Boeing share price falls again as U.S. grounds all 737 MAX jets

After the second fatal crash of a Boeing 737 MAX jet in under five months, the U.S Federal Aviation Administration (FAA) has halted the operation of the aircraft. This is the second time the FAA has had to intervene with a Boeing Jet in six years after it temporarily grounded the 787 Dreamliner in 2013 over lithium battery problems.

According to Reuters, Shares of the world’s biggest plane maker, which were up earlier in the session, fell 2 percent to US$370.48. The shares have fallen about 13 percent since Sunday’s crash, losing about US$32 billion of market value.

Speaking to reporters outside the White House, President Trump said: “We’re going to be issuing an emergency order of prohibition to ground all flights of the 737 MAX 8 and the 737 MAX 9 and planes associated with that line.

“The FAA is prepared to make an announcement very shortly regarding the new information and physical evidence that we have received from the site, and from other locations and through a couple of other complaints.”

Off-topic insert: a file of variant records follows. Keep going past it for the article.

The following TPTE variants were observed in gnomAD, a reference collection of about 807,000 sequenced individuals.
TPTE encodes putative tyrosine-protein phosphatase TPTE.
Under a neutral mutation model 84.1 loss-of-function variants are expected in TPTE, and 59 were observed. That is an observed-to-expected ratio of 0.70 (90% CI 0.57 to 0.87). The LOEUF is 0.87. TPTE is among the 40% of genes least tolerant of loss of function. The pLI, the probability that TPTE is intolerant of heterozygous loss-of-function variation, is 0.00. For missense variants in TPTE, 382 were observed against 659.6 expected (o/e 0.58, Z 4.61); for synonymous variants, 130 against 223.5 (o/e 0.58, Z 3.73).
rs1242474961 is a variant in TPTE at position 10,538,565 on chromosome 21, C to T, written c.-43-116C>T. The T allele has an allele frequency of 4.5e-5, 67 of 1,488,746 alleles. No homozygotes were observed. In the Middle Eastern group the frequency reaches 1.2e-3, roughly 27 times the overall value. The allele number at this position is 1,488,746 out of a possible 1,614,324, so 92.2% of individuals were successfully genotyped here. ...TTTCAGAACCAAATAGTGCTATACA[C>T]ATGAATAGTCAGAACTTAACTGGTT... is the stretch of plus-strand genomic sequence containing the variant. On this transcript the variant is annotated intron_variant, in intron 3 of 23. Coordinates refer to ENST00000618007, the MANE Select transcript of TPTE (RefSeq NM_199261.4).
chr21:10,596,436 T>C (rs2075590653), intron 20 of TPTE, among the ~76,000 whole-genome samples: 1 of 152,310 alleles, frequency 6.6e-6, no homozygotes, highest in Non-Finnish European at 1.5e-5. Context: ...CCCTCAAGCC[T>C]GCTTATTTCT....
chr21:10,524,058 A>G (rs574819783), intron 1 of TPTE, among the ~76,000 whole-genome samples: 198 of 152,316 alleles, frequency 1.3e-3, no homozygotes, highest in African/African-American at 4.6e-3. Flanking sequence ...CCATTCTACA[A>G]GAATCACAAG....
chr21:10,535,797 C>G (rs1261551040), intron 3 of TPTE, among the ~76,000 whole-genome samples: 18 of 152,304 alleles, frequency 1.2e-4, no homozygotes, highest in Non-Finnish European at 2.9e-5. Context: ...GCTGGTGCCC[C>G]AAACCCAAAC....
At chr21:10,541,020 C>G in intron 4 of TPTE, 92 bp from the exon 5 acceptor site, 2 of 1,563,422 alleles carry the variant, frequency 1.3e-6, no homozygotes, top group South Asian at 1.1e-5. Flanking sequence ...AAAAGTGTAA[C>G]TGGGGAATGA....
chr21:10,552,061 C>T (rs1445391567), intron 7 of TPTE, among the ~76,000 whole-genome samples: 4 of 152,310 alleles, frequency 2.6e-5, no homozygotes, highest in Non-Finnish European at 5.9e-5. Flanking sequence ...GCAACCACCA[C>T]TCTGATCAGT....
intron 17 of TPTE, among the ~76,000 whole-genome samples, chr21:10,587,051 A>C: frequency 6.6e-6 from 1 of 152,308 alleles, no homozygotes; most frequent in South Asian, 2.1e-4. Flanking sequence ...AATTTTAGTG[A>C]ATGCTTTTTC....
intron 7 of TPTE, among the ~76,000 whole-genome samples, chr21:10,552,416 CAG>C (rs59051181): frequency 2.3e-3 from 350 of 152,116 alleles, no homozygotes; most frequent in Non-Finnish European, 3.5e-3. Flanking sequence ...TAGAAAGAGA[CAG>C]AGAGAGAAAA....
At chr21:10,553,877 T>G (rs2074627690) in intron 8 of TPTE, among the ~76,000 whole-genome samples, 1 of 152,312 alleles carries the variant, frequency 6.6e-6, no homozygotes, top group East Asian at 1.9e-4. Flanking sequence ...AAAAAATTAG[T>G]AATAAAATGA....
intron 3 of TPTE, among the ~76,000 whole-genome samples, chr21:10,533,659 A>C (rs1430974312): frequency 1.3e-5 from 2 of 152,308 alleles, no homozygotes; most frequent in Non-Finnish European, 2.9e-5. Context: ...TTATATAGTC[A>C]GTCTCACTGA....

Boeing has confirmed it supports the move by the FAA, while adding that it has said it has full confidence in the 737 MAX – which has 371 jets in operation around the world.

In the meantime, discovering the cause of the crash has suffered a major setback with Germany’s federal agency responsible for investigating aircraft accidents unable to analyze the data from black boxes recovered from the crash site of the Ethiopian Airlines jet which crashed on Sunday killing all 157 passengers and crew on board.

“This is a new type of aircraft with a new black box, with new software. We can’t do it,” said Germout Freitag, a spokesman for Germany’s Federal Bureau of Aircraft Accident Investigation (BFU).

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